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Below is a family biography included in The History of Barry County, Missouri published by Goodspeed Publishing Company in 1888.  These biographies are valuable for genealogy research in discovering missing ancestors or filling in the details of a family tree. Family biographies often include far more information than can be found in a census record or obituary.  Details will vary with each biography but will often include the date and place of birth, parent names including mothers' maiden name, name of wife including maiden name, her parents' names, name of children (including spouses if married), former places of residence, occupation details, military service, church and social organization affiliations, and more.  There are often ancestry details included that cannot be found in any other type of genealogical record.

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Oliver Elswick was born in Rush County, Indiana, on November 27, 1828, and is a son of Andrew and Elizabeth (Cassel) Elswick, natives of West Virginia. When a child Andrew Elswick was taken by his parents to Greene County, Tenn., where he married in 1820, and settled on a farm, remaining until 1826, when he removed to Indiana, settling in Rush County. In 1844 he removed to Monroe County, Iowa, and resumed farming, making a specialty of stock raising. He was an active member of the Democratic party, and served as judge of Monroe County Court for six years, during the last two years as presiding judge. He was a successful business man, and at his death in 1876 left his family in comfortable circumstances. His wife died at the home of her son, Oliver, in April, 1880. They were the parents of thirteen children, eleven of whom lived to be married and have families of their own. Oliver Elswick was educated in the common schools of Indiana, and went with his parents to Iowa. On January 1,1850, he was united in marriage with Margaret Wells, of Monroe County, Iowa. She was born in Illinois in 1829, and was a daughter of Nathan Wells. She came with her mother to Monroe County, Iowa, in 1845. She died in January, 1863, leaving four children: John R., Elmira, wife of James Drysdale, of Bates County, Mo.; Perry and Albert. Mr. Elswick chose for his second wife America F. Dent, whom he married in June, 1864. She is a daughter of Samuel Dent, and was born in Owen County, Ind., in 1842. Her father now resides in Wayne County, Iowa. By this marriage Mr. Elswick is the father of four children: Sarah M., Mrs. James Patterson, of Labette County, Kas.; Luella, Rachel and Frank. After his first marriage Mr. Elswick entered 160 acres of wild land in Monroe County, on which he resided nine years, at the end of which time the farm was well improved, it having good buildings, fences and orchards. Selling his farm in 1859 he settled on an unimproved farm near Butler, Bates Co., Mo., and turned his attention to raising stock. When the order was issued in 1862 for all persons living more than four miles from a military post to leave the country, he sold what loose property he had and took his family to Iowa. He, however, returned to Bates County in 1863, and after burning the prairie grass around his improvement, located in Gentry County for a short time, when he went to Andrew County, and remained until the war was over. Returning to Bates County in October, 1865, he found that his house had been used as a rendezvous for guerillas, and was the only house standing for many miles around. During the following winter he was taken sick, at which time his cattle were driven on by the Indians, and his eldest son, John R., then but twelve years of age, followed them into Kansas, returning in a short time with all the cattle except two, which the Indians had killed. In 1880 he started with his family to Arkansas, with the intention of spending the following winter there; but upon his arrival in Barry County, he was so favorably impressed with Washburn Prairie that he purchased a small farm and planted a crop. He, however, went on to Eureka Springs, but returned to Barry County during the winter. He later sold his property in Bates County and purchased 280 acres in Barry County, which he has converted into a beautiful home. He has three large fish ponds well stocked with German carp, and is making arrangements to enter largely into the fish business. The family are communicants of the Methodist Episcopal Church, South.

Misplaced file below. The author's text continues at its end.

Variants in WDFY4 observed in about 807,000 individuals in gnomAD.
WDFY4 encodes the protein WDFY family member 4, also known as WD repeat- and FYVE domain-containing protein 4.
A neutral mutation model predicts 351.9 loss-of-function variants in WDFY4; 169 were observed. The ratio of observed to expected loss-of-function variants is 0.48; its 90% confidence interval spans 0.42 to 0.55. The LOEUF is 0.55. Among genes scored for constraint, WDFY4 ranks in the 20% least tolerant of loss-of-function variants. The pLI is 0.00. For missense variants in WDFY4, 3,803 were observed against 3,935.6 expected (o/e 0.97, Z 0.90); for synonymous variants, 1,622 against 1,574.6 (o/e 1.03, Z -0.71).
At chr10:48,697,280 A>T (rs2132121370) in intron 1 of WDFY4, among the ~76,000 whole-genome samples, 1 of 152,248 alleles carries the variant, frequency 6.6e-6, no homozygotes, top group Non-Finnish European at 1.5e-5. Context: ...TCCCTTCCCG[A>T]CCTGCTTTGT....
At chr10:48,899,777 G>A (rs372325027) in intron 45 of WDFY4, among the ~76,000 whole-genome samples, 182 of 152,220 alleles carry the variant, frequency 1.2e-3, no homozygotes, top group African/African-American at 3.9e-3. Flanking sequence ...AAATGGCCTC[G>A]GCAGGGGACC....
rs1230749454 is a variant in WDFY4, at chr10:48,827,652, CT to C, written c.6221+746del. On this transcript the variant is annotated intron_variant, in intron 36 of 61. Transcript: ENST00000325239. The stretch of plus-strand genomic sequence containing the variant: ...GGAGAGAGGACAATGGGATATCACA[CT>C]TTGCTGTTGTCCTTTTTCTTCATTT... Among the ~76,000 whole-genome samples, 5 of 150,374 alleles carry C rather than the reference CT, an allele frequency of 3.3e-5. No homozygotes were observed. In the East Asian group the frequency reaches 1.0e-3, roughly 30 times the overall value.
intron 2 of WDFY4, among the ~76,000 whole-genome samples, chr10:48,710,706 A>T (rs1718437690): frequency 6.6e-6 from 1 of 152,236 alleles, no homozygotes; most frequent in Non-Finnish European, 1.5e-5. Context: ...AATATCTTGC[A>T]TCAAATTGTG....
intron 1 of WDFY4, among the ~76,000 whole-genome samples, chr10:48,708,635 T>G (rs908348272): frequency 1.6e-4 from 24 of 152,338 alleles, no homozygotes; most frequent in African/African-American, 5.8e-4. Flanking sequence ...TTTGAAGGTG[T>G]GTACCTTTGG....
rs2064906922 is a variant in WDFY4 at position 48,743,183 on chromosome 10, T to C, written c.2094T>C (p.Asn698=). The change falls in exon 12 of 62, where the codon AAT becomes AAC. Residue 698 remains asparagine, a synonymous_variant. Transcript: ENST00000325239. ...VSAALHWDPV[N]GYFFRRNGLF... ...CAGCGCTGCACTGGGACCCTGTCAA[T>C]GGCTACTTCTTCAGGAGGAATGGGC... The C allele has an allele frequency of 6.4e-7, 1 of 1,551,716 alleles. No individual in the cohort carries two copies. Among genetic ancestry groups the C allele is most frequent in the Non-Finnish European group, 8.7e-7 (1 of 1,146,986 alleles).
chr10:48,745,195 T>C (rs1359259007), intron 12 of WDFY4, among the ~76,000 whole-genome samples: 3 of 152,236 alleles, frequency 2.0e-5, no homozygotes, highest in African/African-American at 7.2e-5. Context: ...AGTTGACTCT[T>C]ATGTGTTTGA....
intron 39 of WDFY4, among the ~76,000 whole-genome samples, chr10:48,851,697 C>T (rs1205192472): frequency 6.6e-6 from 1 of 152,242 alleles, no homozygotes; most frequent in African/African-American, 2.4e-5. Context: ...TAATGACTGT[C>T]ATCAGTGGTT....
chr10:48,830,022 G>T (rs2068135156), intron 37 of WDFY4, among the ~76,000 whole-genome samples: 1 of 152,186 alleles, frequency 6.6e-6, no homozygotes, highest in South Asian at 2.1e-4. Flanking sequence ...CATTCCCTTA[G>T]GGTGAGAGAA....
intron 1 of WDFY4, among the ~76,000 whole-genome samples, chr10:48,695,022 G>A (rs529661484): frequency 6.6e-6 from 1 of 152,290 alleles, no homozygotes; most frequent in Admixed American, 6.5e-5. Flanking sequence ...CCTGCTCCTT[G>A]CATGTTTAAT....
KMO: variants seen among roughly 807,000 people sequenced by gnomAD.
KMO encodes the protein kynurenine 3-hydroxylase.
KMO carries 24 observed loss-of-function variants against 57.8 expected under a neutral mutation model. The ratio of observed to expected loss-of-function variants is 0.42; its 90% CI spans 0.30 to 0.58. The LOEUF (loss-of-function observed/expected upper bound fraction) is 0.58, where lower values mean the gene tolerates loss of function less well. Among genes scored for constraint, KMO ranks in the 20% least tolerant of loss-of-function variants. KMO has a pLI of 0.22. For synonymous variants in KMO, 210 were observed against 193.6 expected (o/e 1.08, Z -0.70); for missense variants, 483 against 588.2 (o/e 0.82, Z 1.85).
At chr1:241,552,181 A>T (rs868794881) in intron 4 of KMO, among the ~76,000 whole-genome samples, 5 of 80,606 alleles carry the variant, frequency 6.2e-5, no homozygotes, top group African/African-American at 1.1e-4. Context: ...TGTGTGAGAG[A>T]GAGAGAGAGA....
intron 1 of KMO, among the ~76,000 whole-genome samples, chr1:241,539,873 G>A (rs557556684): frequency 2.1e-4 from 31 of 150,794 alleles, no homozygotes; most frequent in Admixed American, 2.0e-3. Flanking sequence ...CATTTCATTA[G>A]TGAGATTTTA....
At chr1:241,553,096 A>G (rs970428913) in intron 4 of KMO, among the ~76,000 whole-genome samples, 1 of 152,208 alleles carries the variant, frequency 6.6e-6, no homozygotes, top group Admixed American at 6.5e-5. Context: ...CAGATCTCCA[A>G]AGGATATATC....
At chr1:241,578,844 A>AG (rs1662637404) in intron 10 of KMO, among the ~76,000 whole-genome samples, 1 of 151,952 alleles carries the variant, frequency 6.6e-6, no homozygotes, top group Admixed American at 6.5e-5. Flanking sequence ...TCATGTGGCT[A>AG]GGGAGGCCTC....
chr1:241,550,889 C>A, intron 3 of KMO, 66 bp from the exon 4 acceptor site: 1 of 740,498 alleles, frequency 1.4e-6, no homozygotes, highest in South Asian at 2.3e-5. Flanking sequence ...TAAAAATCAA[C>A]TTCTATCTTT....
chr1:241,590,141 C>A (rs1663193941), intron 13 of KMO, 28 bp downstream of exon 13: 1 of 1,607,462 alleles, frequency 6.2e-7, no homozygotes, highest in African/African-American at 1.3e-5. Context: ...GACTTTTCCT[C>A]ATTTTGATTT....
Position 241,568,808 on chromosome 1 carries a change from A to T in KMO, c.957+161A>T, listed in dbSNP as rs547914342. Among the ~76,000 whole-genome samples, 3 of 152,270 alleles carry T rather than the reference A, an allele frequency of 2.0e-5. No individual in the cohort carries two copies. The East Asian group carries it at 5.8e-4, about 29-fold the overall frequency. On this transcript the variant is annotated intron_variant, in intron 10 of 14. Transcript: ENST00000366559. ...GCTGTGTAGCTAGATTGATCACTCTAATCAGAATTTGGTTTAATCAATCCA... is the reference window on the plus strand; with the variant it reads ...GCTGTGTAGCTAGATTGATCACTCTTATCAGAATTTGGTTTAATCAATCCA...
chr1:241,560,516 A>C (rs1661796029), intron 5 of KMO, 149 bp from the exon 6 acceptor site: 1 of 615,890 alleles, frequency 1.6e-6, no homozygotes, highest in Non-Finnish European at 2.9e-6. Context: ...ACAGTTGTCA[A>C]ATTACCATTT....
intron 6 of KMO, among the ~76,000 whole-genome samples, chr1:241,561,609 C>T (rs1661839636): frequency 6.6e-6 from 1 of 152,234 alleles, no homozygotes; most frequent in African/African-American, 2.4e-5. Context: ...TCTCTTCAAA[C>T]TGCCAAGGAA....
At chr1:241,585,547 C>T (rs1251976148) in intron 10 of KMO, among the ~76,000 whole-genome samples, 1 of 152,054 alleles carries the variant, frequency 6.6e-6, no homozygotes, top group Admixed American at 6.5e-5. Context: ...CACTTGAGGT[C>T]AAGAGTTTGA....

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This family biography is one of 103 biographies included in The History of Barry County, Missouri published in 1888.  For the complete description, click here: Barry County, Missouri History, Genealogy, and Maps

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